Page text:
Influencers are obsessed with Bala Bangles—but are the wearable weights worth it?
I tried them to find out if they're as good as they look.
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If you’re a fitness buff of a certain demographic, you’ve no doubt been fed ads over social media for Bala Bangles. These pastel wrist-or-ankle weights are designed to up the ante on the likes of barre workouts while looking sleek and being easy to store. And while they’re beloved by fitness and style influencers and Shark Tank alike, at $59 per pair, are they really worth buying?
As someone who's willing to try anything once, especially when it comes to fitness accessories, I decided to buy a one-pound set for myself. Here's my honest review of Bala Bangles, and whether or not they're worth the price.
What are we wearing?
What are Bala Bangles?
Upon their launch in early 2022, Bala Bangles quickly became the "it" wearable weights for home workouts and have sold out multiple times. With a modern, colorful aesthetic, the bands are touted as the perfect fitness gear for anyone and any workout. "Bala Bangles add a constant but comfortable resistance to your workout," the brand explains, adding that with the weights, "The world just became your gym."
Made of recycled stainless steel that's covered in soft silicone, Bala Bangles are sold in pairs and come in two load options: one pound for $59 a pair, and two pounds for $65 a pair. They have a velcro adjustable strap and can be worn on either your wrists or your ankles.
What I like about Bala Bangles
They’re attractive and appealing to use
Let's start with the obvious pro: their appearance. Bala Bangles are sleek and stylish (i.e., very Instagrammable) and come in a rainbow of hues from jet black to blush pink to seafoam green. The design also isn't the clunky sand-filled ankle weights of the '80s but rather a form-fitting style that looks more like a trendy bracelet than a piece of workout equipment (hence the name "bangles").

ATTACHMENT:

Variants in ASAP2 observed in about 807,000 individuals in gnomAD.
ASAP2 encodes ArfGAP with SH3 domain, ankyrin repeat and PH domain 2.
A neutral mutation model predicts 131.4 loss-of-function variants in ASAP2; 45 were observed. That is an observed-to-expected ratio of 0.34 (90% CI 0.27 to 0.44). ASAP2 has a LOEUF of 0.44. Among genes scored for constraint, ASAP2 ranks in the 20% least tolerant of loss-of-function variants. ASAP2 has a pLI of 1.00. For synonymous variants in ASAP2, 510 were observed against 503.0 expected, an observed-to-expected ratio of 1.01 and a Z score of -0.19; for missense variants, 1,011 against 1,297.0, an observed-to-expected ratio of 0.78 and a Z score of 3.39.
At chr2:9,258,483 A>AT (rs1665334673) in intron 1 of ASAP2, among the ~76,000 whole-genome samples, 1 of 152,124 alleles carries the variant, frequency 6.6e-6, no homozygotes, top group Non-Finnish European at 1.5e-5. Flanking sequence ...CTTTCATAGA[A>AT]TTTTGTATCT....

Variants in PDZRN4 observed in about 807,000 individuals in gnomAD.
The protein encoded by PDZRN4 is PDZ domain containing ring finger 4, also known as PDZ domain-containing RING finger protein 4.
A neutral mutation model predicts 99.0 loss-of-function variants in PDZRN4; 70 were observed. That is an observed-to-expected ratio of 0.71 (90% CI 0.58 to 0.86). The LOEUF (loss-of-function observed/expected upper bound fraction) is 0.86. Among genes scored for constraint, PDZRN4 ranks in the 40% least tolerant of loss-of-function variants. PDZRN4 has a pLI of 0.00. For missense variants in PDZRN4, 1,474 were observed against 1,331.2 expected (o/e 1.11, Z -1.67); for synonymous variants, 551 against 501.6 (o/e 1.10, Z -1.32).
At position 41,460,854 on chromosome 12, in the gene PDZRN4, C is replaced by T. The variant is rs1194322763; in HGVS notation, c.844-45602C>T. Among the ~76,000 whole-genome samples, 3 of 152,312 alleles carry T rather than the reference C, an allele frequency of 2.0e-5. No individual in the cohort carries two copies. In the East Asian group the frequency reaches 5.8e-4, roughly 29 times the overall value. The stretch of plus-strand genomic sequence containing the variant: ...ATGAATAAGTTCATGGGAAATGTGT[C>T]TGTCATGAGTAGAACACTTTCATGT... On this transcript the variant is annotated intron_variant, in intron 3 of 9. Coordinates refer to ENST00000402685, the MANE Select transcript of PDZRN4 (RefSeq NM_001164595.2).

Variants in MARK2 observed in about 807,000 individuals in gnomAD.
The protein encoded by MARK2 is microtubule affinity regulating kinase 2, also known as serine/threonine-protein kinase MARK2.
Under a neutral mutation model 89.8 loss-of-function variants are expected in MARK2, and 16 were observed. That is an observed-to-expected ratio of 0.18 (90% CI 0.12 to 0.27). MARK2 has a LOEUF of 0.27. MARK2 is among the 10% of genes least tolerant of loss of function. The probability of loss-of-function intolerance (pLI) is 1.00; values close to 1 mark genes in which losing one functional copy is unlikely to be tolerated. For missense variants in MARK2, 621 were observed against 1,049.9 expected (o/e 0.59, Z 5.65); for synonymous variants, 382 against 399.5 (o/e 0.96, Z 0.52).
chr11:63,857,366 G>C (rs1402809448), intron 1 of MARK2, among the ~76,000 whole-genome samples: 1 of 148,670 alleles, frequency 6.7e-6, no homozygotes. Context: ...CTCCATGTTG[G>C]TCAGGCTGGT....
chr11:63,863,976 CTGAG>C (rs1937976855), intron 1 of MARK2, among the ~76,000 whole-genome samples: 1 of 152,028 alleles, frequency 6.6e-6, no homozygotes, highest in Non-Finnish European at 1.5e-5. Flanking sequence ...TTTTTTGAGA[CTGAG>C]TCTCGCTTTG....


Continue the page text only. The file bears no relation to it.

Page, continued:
They’re easy to wear
Despite being steel weights, the Bala Bangles fit snugly against my wrist and don't chafe or irritate my skin—I never found them uncomfortable to wear. They're also easy to put on and take off, yet the Velcro never came undone while I was working out. I also didn't have to adjust the weights at all during my workout, which was a big plus.
What I don't like about Bala Bangles
They can get in the way
First, I like to wear my Fitbit while I work out. With Bala Bangles, that's impossible as they wrap around the same part of your wrist as a fitness tracker or smart watch does. Also, when I wore the bangles during higher-intensity movements (like jumping jacks or burpees in yoga sculpt, for instance), they slipped around a little bit once I got sweaty. They also seemed to make my movements feel jerky and "unnatural" with the added resistance, and I worried about tweaking my shoulders or hips.
They shouldn’t be used during cardio workouts
On that note, it's important to realize that while wrist and ankle weights—Bala Bangles included—are trending right now, they may not be as effective as people assume. Harvard Health warns that wearing wrist or ankle weights can increase risk of injury during cardio exercise (like running or dance class) or everyday activities (such as going for a walk) as it causes muscle imbalances. This is something I experienced when I was wearing my weights as mentioned above—they put more of a strain than a burn on my arms during cardio.
You may “outgrow” them quickly
These are very light weights as far as added resistance goes. You won't get much stronger from using them, though you may feel more of an intensity or a "burn" from slow, deliberate movements, but training-wise, they won't make a huge difference.
Are Bala Bangles worth it?
This depends on how you use them. If you want to add a little extra weight to dumbbells—say, to increase your overhead press from 10 pounds to 12 pounds—or wear the bangles for added resistance during a slow-flowing yoga sculpt or barre class, Bala Bangles are fine. They fit comfortably and are a convenient way to add a small amount of external resistance. It's also nice that you can use them on either your wrists and your ankles.
The Bala Bangles also look really cool. This might not seem like much, but if just having them in your house makes you want to use them and therefore do exercises or workouts that you would otherwise not have done, that's a huge tick mark in the W column.
However, because a lot of people use wearable weights incorrectly, there’s a risk of injury. Also, if you like to wear a watch while you work out or if you're someone who lifts with much heavier weight (i.e., two pounds is barely going to make a difference), these aren't a good buy.
Functionally, the same could be said for any sand-filled wrist/ankle weights, which can cost half or less the pricey Bala version and come in a greater range of weight options. (Those ones just aren’t as pretty.)
All that said, I still use the Bala Bangles when I take the occasional barre class and I'd suggest them for anyone who prefers lighter-weight workouts or for beginners looking for a hands-free weight alternative.
Prices were accurate at the time this article was published but may change over time.